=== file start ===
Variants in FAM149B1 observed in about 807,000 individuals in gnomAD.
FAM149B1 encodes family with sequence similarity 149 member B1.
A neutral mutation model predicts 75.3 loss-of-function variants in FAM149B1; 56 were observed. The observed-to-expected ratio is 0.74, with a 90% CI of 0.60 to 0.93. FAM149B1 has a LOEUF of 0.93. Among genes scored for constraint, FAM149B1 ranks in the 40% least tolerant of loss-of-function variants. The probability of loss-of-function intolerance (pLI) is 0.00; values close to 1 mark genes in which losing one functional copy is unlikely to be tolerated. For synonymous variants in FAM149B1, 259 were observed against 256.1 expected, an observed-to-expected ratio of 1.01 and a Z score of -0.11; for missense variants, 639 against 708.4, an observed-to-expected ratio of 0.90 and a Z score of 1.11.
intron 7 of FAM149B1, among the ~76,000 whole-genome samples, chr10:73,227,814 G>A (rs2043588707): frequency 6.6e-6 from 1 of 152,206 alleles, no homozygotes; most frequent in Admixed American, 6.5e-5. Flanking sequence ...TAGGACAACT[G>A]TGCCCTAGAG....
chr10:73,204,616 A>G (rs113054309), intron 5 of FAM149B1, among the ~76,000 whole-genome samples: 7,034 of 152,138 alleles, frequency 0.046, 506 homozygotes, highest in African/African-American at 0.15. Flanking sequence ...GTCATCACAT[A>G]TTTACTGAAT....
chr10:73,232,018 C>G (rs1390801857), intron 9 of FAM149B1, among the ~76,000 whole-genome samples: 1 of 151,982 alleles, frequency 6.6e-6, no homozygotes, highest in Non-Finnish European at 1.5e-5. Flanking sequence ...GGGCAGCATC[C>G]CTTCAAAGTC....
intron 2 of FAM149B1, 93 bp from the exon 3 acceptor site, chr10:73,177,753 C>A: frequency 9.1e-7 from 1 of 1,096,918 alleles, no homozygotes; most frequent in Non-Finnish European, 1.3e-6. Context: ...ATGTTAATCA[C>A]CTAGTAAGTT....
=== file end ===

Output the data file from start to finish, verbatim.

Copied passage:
Variants in FAM149B1 observed in about 807,000 individuals in gnomAD.
FAM149B1 encodes family with sequence similarity 149 member B1.
A neutral mutation model predicts 75.3 loss-of-function variants in FAM149B1; 56 were observed. The observed-to-expected ratio is 0.74, with a 90% CI of 0.60 to 0.93. FAM149B1 has a LOEUF of 0.93. Among genes scored for constraint, FAM149B1 ranks in the 40% least tolerant of loss-of-function variants. The probability of loss-of-function intolerance (pLI) is 0.00; values close to 1 mark genes in which losing one functional copy is unlikely to be tolerated. For synonymous variants in FAM149B1, 259 were observed against 256.1 expected, an observed-to-expected ratio of 1.01 and a Z score of -0.11; for missense variants, 639 against 708.4, an observed-to-expected ratio of 0.90 and a Z score of 1.11.
intron 7 of FAM149B1, among the ~76,000 whole-genome samples, chr10:73,227,814 G>A (rs2043588707): frequency 6.6e-6 from 1 of 152,206 alleles, no homozygotes; most frequent in Admixed American, 6.5e-5. Flanking sequence ...TAGGACAACT[G>A]TGCCCTAGAG....
chr10:73,204,616 A>G (rs113054309), intron 5 of FAM149B1, among the ~76,000 whole-genome samples: 7,034 of 152,138 alleles, frequency 0.046, 506 homozygotes, highest in African/African-American at 0.15. Flanking sequence ...GTCATCACAT[A>G]TTTACTGAAT....
chr10:73,232,018 C>G (rs1390801857), intron 9 of FAM149B1, among the ~76,000 whole-genome samples: 1 of 151,982 alleles, frequency 6.6e-6, no homozygotes, highest in Non-Finnish European at 1.5e-5. Flanking sequence ...GGGCAGCATC[C>G]CTTCAAAGTC....
intron 2 of FAM149B1, 93 bp from the exon 3 acceptor site, chr10:73,177,753 C>A: frequency 9.1e-7 from 1 of 1,096,918 alleles, no homozygotes; most frequent in Non-Finnish European, 1.3e-6. Context: ...ATGTTAATCA[C>A]CTAGTAAGTT....